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How to Write a Complex Sentence: Structure & Practice

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  • 0:04 Exceptional Writing
  • 0:27 Background Information
  • 2:41 Complex Sentences
  • 4:51 Lesson Summary
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Lesson Transcript
Instructor: Bethany Calderwood

Bethany has taught special education in grades PK-5 and has a master's degree in special education.

One element of strong writing is varied sentence structure. There are four basic sentence structures: simple, compound, complex, and compound-complex. In this lesson, you'll learn about complex sentences and how to write them.

Exceptional Writing

Maybe you write for work. Maybe you write for school. Or maybe, like so many others, you write a blog to share your experiences with others. But what makes a blog stand out? Priscila wants to write a blog about her vacation, and she was told that one ingredient of exceptional writing is the complex sentence. Before we explore the complex sentence with Priscila, we need to review some background information.

Background Information

A clause is a group of words with a subject and a verb. The subject tells whom or what the sentence is about. The verb tells the action or state of being of the subject. Look at these clauses:

  • before the alarm rang (subject: alarm, verb: rang)
  • Jamie woke suddenly (subject: Jamie, verb: woke)

An independent clause is a group of words with a subject and a verb that expresses a complete thought. An example is:

  • Jamie woke suddenly.

A dependent clause, also called a subordinate clause, is a group of words with a subject and a verb but does not express a complete thought. It does not make sense standing alone. An example is:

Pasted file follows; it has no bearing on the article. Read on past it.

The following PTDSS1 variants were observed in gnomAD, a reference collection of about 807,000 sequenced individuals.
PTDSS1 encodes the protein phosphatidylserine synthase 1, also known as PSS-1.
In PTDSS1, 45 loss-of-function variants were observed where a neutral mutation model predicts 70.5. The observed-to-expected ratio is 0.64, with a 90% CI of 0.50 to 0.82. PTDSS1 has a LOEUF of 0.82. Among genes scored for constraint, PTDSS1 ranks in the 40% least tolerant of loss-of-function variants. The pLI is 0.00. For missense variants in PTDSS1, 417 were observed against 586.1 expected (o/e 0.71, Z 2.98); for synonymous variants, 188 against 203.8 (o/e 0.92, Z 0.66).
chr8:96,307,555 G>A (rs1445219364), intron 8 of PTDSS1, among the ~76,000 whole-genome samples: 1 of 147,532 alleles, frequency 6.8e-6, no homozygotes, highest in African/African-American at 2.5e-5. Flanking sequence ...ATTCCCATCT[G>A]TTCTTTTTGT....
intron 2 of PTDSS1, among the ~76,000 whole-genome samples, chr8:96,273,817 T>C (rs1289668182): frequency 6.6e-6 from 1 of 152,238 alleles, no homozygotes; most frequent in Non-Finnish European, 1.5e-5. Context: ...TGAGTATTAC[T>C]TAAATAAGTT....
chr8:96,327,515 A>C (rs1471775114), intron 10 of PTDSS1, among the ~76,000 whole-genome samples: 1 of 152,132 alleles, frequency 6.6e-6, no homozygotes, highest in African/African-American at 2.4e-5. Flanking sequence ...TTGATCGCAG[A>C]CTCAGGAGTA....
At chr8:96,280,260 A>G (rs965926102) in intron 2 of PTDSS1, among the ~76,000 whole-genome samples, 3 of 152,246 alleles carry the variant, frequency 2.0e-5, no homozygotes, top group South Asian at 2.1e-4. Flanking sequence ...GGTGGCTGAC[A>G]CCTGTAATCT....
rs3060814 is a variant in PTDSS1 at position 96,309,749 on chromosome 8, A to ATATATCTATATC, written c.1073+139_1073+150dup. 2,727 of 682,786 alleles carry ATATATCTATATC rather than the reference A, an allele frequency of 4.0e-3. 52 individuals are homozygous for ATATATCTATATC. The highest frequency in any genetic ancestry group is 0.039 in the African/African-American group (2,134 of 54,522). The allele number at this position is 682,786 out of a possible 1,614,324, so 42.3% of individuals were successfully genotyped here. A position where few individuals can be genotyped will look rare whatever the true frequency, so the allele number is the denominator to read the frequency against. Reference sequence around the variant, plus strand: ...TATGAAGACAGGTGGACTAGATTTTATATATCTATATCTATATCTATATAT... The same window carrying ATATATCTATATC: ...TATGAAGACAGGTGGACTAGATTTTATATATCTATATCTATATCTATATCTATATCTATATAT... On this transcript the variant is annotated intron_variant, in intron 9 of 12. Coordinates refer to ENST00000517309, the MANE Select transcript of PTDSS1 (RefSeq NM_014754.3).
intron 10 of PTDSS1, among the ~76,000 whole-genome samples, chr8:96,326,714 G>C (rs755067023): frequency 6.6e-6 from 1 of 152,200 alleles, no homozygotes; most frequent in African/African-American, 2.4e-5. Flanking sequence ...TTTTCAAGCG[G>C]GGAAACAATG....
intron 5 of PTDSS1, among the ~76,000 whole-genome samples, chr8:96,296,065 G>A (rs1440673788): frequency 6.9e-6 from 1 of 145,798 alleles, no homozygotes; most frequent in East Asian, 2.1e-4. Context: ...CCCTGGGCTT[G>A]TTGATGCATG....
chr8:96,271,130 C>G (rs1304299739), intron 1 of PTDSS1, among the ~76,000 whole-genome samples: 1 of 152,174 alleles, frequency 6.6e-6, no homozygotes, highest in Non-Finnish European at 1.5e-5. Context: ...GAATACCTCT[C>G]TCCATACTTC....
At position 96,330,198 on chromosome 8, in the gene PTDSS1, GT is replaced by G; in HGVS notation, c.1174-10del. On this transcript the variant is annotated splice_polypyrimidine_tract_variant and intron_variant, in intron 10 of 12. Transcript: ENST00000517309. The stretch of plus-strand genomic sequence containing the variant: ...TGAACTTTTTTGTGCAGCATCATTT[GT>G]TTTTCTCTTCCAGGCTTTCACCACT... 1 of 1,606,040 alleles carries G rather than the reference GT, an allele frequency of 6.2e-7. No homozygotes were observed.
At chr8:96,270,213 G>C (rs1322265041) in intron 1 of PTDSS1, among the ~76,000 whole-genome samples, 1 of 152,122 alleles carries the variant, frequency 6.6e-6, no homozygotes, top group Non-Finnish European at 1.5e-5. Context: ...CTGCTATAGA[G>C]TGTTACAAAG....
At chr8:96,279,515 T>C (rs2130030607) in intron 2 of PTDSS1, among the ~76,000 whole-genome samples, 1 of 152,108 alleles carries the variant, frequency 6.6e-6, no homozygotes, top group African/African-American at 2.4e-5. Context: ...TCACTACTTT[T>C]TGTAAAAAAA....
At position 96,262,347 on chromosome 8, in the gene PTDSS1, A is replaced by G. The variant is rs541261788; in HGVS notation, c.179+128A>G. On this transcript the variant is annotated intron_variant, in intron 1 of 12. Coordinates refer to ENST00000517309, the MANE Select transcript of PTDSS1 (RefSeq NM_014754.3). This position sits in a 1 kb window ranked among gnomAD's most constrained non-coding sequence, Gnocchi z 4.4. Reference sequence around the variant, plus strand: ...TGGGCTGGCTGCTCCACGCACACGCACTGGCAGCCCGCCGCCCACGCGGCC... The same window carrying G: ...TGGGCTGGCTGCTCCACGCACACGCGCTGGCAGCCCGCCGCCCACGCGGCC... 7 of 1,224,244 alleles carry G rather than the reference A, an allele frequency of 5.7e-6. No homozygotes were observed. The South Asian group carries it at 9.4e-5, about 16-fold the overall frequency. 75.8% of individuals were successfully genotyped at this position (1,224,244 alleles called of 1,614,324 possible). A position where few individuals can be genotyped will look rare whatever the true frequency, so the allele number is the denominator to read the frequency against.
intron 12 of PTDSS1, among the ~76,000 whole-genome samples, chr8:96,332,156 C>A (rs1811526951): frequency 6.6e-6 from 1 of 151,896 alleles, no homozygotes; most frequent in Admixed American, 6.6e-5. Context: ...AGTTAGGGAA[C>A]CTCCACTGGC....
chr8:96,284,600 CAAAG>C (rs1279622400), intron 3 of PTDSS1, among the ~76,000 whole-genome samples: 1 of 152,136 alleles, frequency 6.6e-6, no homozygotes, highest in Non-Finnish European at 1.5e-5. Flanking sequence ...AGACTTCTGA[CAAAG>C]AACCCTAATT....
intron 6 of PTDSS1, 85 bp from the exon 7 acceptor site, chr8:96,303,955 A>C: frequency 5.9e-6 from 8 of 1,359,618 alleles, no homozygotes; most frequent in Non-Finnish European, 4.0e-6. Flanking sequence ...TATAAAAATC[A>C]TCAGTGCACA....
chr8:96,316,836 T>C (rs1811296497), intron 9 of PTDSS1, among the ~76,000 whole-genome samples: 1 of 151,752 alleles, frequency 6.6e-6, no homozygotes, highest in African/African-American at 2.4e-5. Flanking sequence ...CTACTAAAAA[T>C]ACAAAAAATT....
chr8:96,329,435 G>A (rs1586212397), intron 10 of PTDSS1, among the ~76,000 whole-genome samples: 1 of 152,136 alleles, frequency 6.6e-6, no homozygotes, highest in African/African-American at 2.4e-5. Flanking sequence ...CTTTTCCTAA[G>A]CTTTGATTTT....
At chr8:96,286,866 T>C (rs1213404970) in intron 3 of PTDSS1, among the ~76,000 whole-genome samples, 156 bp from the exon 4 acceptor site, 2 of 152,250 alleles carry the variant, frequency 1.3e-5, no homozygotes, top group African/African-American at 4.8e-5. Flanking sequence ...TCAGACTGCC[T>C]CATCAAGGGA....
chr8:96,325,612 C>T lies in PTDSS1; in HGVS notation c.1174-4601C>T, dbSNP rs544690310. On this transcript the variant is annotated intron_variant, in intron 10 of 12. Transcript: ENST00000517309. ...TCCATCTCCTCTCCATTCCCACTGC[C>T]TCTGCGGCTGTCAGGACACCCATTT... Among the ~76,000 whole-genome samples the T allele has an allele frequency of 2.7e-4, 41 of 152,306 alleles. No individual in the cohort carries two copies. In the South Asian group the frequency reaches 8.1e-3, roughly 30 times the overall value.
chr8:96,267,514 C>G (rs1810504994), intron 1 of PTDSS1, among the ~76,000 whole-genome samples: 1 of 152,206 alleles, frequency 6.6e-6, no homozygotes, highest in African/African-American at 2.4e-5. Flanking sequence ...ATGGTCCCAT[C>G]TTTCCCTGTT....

• before the alarm rang

A subordinate clause usually begins with a subordinating conjunction, or a word that begins a subordinate clause and connects it to the independent clause. Some examples of subordinating conjunctions are:

  • Since
  • Although
  • Until
  • Because
  • Before
  • If
  • As
  • While
  • When, and
  • Unless

There are many others as well.

A sentence consists of at least one independent clause but can have subordinate clauses as well.

Let's take a peek at Priscila's first blog entry:

Priscilas Blog


Each of the sentences in Priscila's blog entry is grammatically correct in that each one is a complete sentence with a subject, verb, and complete thought. Notice that they all sound very similar. Each sentence is one independent clause with exactly one subject and one verb. This type of sentence is known as a simple sentence. Now, there's nothing wrong with simple sentences, but to write a really stand-out blog, Priscila is going to need to add some other sentences. What she needs are some complex sentences.

Complex Sentences

A complex sentence consists of one independent clause and one or more subordinate clauses. A complex sentence can be created by adding an incomplete thought to a complete thought. It can also be created by taking two simple sentences and making one into a subordinate clause.

Let's see what happens if we turn some of the simple sentences in Priscila's blog entry into complex sentences.


Priscilas Blog Revised


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